Group launches mill levy campaign, aiming for success

2013-03-12T21:00:00Z 2013-04-04T09:46:21Z Group launches mill levy campaign, aiming for successBy ROB ROGERS rrogers@billingsgazette.com The Billings Gazette

The organizers' message is simple: It's time. 

School District 2 is facing state accreditation trouble, overcrowded elementary classrooms and rapidly aging schools. If something isn't done, community leaders fear that the school district may not recover. 

"You cannot starve schools and expect great results," Steve Corning told a crowd of business leaders and community members Tuesday afternoon.

Corning, a developer, along with Lyle Knight, past CEO of First Interstate Bank, introduced the new Yes for Kids campaign Tuesday that will push for passage of two School District 2 mill levies this May.

Schoolchildren gathered in the background holding signs asking for support, and the Senior High Drum Line performed for the crowd. 

The campaign is led by a group of parents, high-profile business leaders, community organizers and educators. They launched the campaign on the campus of Montana State University Billings.

"We're in the talent development business," Rolf Groseth, MSUB chancellor, said of education. 

He talked about how the world is becoming increasingly competitive and students today need every advantage. 

"Our economy requires it," he said. "The best way for us to do it is with quality schools."

School District 2 is seeking one levy to help it hire new teachers. On Wednesday night, trustees may decide to go after a second levy to help elementary and middle schools beef up their technology. 

Hiring new teachers is the top priority for the district. SD2 currently faces sanctions from the state for having 93 classrooms with a student-teacher ratio higher than the state allows.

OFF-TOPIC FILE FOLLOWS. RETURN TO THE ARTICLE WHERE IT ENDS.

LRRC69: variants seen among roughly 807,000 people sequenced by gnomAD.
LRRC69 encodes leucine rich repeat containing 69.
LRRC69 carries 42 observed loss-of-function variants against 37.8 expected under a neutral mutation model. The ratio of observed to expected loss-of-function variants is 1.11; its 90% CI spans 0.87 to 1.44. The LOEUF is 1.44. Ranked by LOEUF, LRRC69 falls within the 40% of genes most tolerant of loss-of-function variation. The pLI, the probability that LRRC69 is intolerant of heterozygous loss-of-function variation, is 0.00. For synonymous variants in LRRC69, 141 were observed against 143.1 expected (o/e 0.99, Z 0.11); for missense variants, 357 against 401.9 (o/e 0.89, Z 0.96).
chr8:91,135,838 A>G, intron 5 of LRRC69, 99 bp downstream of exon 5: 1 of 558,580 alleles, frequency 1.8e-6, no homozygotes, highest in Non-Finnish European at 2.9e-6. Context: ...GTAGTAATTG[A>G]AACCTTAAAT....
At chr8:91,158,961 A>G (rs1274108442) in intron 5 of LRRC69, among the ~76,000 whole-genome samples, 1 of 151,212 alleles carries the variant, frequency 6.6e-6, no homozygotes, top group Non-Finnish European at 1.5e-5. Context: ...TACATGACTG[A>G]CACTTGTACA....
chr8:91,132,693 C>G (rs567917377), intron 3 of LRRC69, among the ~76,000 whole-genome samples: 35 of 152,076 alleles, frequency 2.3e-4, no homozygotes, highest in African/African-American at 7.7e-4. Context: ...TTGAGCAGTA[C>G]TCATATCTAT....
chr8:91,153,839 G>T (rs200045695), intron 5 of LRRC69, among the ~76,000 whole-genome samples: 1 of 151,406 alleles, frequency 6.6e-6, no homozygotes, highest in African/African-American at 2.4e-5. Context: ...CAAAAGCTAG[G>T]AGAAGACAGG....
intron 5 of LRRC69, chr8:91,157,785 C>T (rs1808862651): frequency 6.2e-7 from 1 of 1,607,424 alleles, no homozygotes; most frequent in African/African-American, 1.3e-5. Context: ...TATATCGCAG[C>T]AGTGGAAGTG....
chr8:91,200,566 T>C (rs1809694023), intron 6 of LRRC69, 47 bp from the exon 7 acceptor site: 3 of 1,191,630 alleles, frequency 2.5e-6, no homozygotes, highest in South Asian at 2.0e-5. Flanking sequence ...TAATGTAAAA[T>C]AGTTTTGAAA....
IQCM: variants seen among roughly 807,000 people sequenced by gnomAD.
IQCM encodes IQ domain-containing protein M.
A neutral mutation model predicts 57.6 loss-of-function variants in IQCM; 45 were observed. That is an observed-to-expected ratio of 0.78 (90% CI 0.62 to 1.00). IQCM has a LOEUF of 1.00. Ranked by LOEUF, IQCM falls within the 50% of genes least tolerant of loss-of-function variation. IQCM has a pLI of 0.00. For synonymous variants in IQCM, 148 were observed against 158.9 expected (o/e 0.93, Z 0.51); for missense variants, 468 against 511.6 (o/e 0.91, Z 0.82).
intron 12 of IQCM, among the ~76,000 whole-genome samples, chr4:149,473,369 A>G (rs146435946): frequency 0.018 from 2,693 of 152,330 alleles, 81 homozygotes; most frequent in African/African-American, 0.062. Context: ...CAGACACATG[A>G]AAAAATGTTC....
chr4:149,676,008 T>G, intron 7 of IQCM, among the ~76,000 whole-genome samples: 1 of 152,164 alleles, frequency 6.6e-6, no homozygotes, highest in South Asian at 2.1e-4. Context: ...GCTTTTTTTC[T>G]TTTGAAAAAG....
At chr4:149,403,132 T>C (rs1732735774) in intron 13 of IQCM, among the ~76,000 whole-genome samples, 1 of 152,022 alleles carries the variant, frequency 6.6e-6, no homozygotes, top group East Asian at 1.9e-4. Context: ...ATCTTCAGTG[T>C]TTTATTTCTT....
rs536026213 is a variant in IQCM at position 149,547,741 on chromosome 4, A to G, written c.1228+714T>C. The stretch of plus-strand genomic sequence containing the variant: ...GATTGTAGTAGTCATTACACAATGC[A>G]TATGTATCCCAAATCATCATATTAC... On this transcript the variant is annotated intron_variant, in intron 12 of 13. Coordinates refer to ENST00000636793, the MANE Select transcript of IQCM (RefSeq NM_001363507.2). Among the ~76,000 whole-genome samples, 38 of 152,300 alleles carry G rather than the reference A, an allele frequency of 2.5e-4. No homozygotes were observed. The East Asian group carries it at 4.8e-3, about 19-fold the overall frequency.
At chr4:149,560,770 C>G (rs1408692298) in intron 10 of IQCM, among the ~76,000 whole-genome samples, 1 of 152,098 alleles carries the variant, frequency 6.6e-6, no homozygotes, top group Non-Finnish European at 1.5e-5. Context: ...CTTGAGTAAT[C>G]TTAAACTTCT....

Hiring new teachers will allow the district to trim that ratio, sending new teachers to some of its most crowded elementary schools. 

It's also the first step in SD2's plan to update its school facilities and address overcrowding through building construction. A successful levy means the district can afford to staff new schools.  

"If we don't do that (pass the levy), everything else is kind of a moot point," Heidi Duncan said. 

Heidi and her husband, Jim Duncan, are the co-chairs for the Yes for Kids campaign. Their daughter is a fourth-grader in the district, and they feel keenly the need to help SD2.

"It takes a team to educate a child," Heidi Duncan said. 

Stressed repeatedly at the launch party was the important relationship a healthy school district has to a healthy community. 

Without a strong school district, children are ill-served and under-educated. Area businesses have trouble recruiting top talent, which makes them less likely to stay in town. And an under-educated workforce in town means it will be be less likely to attract new businesses to Billings.

"We're concerned about economic development," Knight said. "It all centers around education."

That was the motivation behind Education 2020, the group formed by Knight and Corning to help support the school district. Their group is overseeing the campaign. 

Jim Duncan believes that Billings cares about its schools but understands that parents and community members have questions about the needs and direction of School District 2.

"We're going to do everything we can to get in front of voters so they can get their questions answered," he said. 

Ballots will be mailed April 19 and must be returned by May 7, the day of the election. 

Information on SD2, the levy, education funding and the campaign can be found at BillingsUniteForGreatSchools.com. To join the campaign, go to YesForBillingsKids.org.

Copyright 2014 The Billings Gazette. All rights reserved. This material may not be published, broadcast, rewritten or redistributed.

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